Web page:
Katie Bradford. Photo / NZ Herald

Meanwhile, Mr Key said Ms Collins had "over-reached" with her comments about Ms Bradford.

"My view, she has probably learnt a lesson from the experience and I don't think we'll see it again."

He had "long and meaningful" discussions with Ms Collins yesterday, but did not ask her to stand down.

"What I did do is make it quite clear that I think in the end we need to deal with this situation better. I think she's a very good minister and she can do that."

Ms Collins needed to "take a moment" to reflect on her Oravida dinner and her actions yesterday.

"At the end of the day ministers should avoid at least the perceptions of conflicts of interest. She unfortunately didn't ... and she has had to wear the brunt of that.

"But in the end you do need to soak up that pressure as a minister. I think she will and I think you won't see what you've seen in the past."

Being in politics was a tough business, but politicians knew that when they signed up to being a minister, he said.

A spokeswoman for Ms Collins said she had acknowledged she shouldn't have brought Bradford into the discussion.

"She's apologised publicly and is hoping to talk to Katie shortly. Going forward, anything else she has to say on the matter will be with Katie herself which is the most appropriate thing to do."

According to Bradford's TVNZ boss, John Gillespie, Ms Collins admitted to him that Bradford had never asked her for help.

Before apologising on Twitter to Bradford, Ms Collins hinted in an interview with TV3's Brook Sabin that she could dish up more dirt on the press gallery.

"You might just find I get recall on all sorts of things. We'll just wait and see. I think it is very important when the media want to raise issues about behaviours, they need to understand that they sometimes can be very inappropriate as well."

Ms Collins' parting shot after the interview suggests she blames the media for Mr Williamson's fate, rather than Mr Williamson himself or the Prime Minister, who asked for his resignation.

"Let's see if you hold your own people to account after you've done what you've done to Maurice," she said to the TV3 reporter.

Mr Robertson said Ms Collins threat to the rest of the press gallery "shows the Minister is erratic and unpredictable".

"The behaviour of Judith Collins is now a liability for John Key's Government."

When Ms Collins was asked yesterday to comment on a Herald on Sunday story about Labour MP Ross Robertson approaching her about his police officer daughter's leave, she told TV3: "It's just like when a member of the press gallery approached me about how her then husband was having difficulty in becoming recruited by New Zealand Police.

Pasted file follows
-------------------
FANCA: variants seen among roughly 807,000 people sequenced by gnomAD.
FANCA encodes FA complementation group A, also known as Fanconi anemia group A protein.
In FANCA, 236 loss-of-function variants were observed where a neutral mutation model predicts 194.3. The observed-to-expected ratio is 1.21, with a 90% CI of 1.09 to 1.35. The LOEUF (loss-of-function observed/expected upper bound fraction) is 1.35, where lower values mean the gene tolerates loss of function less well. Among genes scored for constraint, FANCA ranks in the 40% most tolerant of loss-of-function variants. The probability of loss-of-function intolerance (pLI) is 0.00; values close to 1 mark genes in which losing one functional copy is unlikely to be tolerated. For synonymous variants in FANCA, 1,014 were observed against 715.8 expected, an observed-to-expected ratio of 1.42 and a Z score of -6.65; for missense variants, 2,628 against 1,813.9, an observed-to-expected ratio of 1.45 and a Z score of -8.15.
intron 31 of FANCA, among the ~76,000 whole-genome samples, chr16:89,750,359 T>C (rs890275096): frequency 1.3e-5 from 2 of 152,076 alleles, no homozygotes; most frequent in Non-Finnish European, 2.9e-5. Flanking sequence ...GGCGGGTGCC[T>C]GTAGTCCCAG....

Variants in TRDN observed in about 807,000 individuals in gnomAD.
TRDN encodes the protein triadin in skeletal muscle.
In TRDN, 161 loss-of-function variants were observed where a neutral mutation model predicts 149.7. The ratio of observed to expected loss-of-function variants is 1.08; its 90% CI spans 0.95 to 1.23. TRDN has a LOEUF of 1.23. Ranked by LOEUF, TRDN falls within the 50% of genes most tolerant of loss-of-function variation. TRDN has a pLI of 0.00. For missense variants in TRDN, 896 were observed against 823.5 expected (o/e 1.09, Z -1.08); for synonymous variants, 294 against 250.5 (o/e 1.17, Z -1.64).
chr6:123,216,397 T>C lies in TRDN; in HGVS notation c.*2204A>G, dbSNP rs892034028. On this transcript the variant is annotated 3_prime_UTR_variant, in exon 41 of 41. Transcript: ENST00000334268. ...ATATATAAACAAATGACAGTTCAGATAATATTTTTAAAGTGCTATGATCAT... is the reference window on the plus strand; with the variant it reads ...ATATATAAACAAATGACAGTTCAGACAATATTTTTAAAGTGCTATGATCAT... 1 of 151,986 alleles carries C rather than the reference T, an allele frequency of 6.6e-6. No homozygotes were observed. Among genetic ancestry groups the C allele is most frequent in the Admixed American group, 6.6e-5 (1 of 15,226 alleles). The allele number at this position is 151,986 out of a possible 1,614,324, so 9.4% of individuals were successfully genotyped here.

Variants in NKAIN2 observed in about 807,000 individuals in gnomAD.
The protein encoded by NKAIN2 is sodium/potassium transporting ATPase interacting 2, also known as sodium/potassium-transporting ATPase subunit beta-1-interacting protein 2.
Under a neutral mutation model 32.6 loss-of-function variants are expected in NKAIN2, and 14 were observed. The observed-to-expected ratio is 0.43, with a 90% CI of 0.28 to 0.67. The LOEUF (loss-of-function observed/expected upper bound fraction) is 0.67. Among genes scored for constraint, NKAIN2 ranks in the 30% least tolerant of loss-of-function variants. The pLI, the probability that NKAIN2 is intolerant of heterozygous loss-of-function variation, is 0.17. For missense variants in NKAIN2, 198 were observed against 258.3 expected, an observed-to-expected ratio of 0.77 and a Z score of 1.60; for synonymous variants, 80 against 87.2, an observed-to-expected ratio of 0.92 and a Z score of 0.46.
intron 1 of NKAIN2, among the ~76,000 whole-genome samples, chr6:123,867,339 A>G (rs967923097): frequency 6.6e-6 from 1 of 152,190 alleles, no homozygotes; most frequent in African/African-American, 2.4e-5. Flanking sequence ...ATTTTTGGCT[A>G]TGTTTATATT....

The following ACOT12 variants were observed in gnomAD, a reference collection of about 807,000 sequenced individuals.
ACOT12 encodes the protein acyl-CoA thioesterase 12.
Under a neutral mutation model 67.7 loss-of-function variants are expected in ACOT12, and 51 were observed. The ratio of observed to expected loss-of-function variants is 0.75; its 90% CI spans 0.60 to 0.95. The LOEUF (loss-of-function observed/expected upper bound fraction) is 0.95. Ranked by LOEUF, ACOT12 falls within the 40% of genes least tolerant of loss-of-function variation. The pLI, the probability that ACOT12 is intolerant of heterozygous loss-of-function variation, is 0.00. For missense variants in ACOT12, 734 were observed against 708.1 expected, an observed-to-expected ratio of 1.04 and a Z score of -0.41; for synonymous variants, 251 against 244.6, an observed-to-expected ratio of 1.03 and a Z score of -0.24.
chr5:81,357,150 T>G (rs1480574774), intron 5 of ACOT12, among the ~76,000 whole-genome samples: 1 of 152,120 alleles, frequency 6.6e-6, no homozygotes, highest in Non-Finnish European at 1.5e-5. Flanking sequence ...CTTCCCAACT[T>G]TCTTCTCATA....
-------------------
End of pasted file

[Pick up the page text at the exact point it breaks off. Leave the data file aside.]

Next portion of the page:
She said this was a problem and she had been told that her husband wasn't going to be acceptable as a police recruit because of her family connections."

Bradford's mother is the veteran protester and former Green MP Sue Bradford.

Ms Collins tweeted last night: "Katie, I was answering questions about wider public engagement. Yr example came to mind. Reflected on that. Shouldnt have. Sorry."

Katie Bradford said she'd had a good working relationship with Ms Collins but had never asked for a personal favour and was completely surprised by the comments.

"Back in 2010 my ex-partner was considering applying for the police force - at the time it had been suggested to him that he might have an issue with being accepted.

"I recall that this came up in an informal conversation between the minister and me but I never asked her to intervene."

Her partner never formally applied to join the police.

On Friday night Bradford told the television audience she hadn't seen Ms Collins at the National's northern conference in Auckland. Ms Collins had been there and took to Twitter on Saturday night accusing Bradford of being biased and demanding an apology.

He added that Ms Collins' "bizarre and unwarranted attack" on Bradford proved she has lost all perspective. To then threaten the rest of the press gallery shows the Minister is erratic and unpredictable.

"The behaviour of Judith Collins is now a liability for John Key's Government.

Official documents show the purpose of Judith Collins' visit to her husband's company in China was to "increase the profile" of Oravida, Labour MP Grant Robertson says.

"The paper from the Ministry of Foreign Affairs and Trade even acknowledges Judith Collins' husband David Wong-Tung is one of two directors of Oravida.

- Additional reporting Newstalk ZB

- NZ Herald